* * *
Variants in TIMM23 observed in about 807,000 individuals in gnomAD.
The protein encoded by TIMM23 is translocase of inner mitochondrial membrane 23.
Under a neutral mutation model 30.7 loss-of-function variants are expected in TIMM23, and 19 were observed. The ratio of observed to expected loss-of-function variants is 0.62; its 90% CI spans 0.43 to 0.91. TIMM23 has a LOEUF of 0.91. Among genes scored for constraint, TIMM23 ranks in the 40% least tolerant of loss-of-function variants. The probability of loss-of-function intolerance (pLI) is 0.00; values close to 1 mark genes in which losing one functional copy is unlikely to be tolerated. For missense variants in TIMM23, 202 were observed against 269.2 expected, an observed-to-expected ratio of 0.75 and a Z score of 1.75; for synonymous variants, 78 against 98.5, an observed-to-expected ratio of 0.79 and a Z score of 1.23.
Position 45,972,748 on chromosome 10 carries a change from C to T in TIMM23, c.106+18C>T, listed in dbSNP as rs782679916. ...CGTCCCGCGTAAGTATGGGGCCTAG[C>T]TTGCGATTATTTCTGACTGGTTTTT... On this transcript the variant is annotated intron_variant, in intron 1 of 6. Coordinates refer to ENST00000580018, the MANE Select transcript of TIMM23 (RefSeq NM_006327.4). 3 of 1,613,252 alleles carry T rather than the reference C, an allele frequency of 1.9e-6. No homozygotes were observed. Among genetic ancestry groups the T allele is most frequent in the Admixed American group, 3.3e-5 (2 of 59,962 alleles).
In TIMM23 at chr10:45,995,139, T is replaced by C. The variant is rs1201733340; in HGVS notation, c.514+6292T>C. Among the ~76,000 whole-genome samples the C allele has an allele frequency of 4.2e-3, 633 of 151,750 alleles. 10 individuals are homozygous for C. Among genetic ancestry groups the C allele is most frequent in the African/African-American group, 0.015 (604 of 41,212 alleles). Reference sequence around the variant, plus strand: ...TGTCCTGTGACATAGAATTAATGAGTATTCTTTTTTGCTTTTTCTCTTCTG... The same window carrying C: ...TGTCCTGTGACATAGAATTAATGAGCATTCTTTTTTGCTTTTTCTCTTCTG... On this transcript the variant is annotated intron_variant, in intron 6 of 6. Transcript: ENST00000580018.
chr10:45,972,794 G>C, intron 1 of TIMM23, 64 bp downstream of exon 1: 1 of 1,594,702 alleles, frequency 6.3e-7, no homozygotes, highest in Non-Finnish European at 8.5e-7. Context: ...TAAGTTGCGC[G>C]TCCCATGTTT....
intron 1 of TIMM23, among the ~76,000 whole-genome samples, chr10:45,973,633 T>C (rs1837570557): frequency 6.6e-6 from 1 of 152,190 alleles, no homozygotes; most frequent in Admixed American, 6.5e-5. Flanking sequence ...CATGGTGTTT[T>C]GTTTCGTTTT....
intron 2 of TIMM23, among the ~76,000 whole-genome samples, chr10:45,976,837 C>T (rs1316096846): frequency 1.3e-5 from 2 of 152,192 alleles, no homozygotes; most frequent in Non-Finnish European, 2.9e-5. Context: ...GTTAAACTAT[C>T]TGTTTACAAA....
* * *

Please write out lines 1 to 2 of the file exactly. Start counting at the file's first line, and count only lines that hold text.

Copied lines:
Variants in TIMM23 observed in about 807,000 individuals in gnomAD.
The protein encoded by TIMM23 is translocase of inner mitochondrial membrane 23.